Eggplant
Sidebar
Rejuvenating Drink
8-10 oz. milk
1-3 tsp. grated fresh ginger root
1-3 tsp. black sesame seed (or white sesame seed)
1-3 tsp. ghee
Cinnamon and clove to taste.
Honey to taste if desired.
Warm milk to comfortable drinking temperature. Blend ingredients in blender. Drink
daily as a restorative for sexual function.
Sidebar
Rejuvenating Stew (Kicharee)
1/2 cup basmati rice
1/2 cup lentils or mung beans
6 cups water
2 Tbs. ginger root, peeled and grated
3 cloves garlic, chopped
1/4 cup onion, chopped
1/2 tsp. coriander seed, powder
1/2 tsp. turmeric powder
1/8 tsp. fennel seed
1/8 tsp. cumin seed
1 cup assorted vegetables (carrot, zucchini, broccoli, etc.), chopped.
1 Tbs. ghee
Salt to taste, if desired.
Place rice, lentils, water, and spices in soup pot. Bring to boil. Cook covered on medium heat. After 30 minutes, add vegetables. When very soft and mushy, stir in gheeand serve.
1 Yoga International, January/February 1996.
2 A Life of Balance, Healing Arts, 1995.
3 Prakruti, Your Ayurvedic Constitution Geocom, 1989 4 The Yoga of Herbs Lotus, 1986 5 Bhattacharya SK, Bhattacharya A, Chakrabarti A. Adaptogenic activity of Siotone, a polyherbalformulation of Ayurvedic rasayanas. Indian J Exp Biol 2000 Feb;38(2):119-28Department of Pharmacology, Institute of Medical Sciences, Banaras Hindu University, Varanasi 221 005,India.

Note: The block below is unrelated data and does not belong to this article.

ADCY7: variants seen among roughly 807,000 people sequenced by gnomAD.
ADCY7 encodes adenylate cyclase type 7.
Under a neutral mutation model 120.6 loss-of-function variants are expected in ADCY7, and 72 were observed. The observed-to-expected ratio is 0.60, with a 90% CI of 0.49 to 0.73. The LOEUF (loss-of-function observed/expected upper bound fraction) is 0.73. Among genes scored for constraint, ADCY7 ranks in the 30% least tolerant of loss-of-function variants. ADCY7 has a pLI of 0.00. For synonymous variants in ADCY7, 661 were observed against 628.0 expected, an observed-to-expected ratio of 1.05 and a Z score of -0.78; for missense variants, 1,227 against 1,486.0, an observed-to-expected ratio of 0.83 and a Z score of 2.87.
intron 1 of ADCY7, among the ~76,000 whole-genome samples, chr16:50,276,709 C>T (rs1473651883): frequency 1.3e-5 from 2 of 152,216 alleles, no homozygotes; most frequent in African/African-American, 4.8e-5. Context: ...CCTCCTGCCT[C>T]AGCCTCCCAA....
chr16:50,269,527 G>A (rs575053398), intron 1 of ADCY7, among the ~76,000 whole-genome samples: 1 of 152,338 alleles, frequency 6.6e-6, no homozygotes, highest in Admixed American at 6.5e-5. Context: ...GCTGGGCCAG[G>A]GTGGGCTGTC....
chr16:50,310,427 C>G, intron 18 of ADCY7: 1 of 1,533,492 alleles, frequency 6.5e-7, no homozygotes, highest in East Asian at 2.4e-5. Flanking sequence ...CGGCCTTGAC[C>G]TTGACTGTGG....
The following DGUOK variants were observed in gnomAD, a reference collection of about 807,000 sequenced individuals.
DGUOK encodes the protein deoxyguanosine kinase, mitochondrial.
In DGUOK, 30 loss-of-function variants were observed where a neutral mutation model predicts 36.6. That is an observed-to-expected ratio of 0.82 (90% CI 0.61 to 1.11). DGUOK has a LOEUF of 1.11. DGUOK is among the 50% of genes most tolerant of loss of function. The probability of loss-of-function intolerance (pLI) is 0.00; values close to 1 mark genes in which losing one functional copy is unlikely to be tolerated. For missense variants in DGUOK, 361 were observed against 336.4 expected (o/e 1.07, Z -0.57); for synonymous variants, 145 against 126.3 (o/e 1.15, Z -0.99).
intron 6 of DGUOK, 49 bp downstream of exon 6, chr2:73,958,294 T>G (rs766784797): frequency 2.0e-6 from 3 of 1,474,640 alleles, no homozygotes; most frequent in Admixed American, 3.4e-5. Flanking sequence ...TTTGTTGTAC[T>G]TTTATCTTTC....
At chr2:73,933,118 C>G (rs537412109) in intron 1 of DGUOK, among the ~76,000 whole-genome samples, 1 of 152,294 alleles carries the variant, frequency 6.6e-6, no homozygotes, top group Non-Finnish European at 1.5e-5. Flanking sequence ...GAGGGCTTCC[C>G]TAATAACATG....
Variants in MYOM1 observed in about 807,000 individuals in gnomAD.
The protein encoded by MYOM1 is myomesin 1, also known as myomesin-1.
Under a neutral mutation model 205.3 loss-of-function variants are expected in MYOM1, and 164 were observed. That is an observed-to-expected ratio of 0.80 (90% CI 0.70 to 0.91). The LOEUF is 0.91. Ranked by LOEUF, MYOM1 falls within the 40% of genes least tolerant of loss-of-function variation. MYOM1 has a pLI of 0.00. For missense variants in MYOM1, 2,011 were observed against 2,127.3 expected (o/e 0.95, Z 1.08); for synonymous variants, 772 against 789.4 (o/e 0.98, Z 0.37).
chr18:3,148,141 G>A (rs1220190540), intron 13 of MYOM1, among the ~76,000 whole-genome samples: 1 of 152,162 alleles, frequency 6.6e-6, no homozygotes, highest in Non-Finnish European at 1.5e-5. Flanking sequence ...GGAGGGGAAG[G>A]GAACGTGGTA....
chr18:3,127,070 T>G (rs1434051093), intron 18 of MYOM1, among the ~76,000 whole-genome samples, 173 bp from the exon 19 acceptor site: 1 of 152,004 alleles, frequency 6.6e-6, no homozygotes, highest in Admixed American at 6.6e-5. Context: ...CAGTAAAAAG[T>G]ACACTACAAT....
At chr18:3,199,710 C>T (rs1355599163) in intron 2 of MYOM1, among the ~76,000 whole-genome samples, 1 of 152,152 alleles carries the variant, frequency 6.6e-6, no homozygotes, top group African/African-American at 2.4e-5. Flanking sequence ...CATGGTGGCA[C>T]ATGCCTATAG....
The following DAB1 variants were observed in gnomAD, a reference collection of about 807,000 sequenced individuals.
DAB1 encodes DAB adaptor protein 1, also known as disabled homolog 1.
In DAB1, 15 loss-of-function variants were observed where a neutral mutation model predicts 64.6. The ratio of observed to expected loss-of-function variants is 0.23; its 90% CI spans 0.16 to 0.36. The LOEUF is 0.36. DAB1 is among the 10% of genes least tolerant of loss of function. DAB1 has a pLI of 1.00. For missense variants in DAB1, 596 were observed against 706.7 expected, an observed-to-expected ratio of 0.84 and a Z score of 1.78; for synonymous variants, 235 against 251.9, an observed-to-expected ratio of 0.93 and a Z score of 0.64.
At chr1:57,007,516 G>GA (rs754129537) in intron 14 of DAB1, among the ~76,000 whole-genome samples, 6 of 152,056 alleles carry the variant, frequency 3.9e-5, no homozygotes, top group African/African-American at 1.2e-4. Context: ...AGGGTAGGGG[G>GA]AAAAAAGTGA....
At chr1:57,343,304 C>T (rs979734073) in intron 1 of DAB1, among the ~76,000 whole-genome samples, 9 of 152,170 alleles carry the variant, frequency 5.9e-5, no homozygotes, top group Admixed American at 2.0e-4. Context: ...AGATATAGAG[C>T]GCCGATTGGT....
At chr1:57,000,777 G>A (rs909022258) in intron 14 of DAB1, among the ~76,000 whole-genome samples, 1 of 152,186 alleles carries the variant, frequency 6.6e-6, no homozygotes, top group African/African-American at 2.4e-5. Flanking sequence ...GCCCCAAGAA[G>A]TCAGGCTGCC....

Siotone (ST) is a herbal formulation comprising of Withania somnifera, Ocimum sanctum, Asparagusracemosus, Tribulus terristris and shilajit, all of which are classified in Ayurveda as rasayanas which arereputed to promote physical and mental health, improve defence mechanisms of the body and enhancelongevity. These attributes are similar to the modern concept of adaptogenic agents, which are, known toafford protection of the human physiological system against diverse stressors. The present study wasundertaken to investigate the adaptogenic activity of ST against chronic unpredictable, but mild, footshockstress induced perturbations in behaviour (depression), glucose metabolism, suppressed male sexualbehaviour, immunosuppression and cognitive dysfunction in CF strain albino rats. Gastric ulceration,adrenal gland and spleen weights, ascorbic acid and corticosterone concentrations of adrenal cortex, andplasma corticosterone levels, were used as the stress indices. Panax ginseng (PG) was used as the standardadaptogenic agent for comparison. Additionally, rat brain levels of tribulin, an endogenous endocoidpostulated to be involved in stress, were also assessed in terms of endogenous monoamine oxidase (MAO)A and MAOB inhibitory activity. Chronic unpredictable footshock induced marked gastric ulceration,significant increase in adrenal gland weight and plasma corticosterone levels, with concomitant decreasesin spleen weight, and concentrations of adrenal gland ascorbic acid and corticosterone. These effects wereattenuated by ST (50 and 100 mg/kg, p.o.) and PG (100 mg/kg, p.o.), administered once daily over a periodof 14 days, the period of stress induction. Chronic stress also induced glucose intolerance, suppressed malesexual behaviour, induced behavioural depression (Porsolt's swim despair test and learned helplessness test)and cognitive dysfunction (attenuated retention of learning in active and passive avoidance tests), andimmunosuppression (leucocyte migration inhibition and sheep RBC challenged increase in paw oedema insensitized rats). All these chronic stress-induced perturbations were attenuated, dose-dependently by ST (50and 100 mg/kg, p.o.) and PG (100 mg/kg, p.o.). Chronic stress-induced increase in rat brain tribulin activitywas also reversed by these doses of ST and by PG. The results indicate that ST has significant adaptogenicactivity, qualitatively comparable to PG, against a variety of behavioural, biochemical and physiologicalperturbations induced by unpredictable stress, which has been proposed to be a better indicator of clinicalstress than acute stress parameters. The likely contribution of the individual constituents of ST in theobserved adaptogenic action of the polyherbal formulation, have been discussed.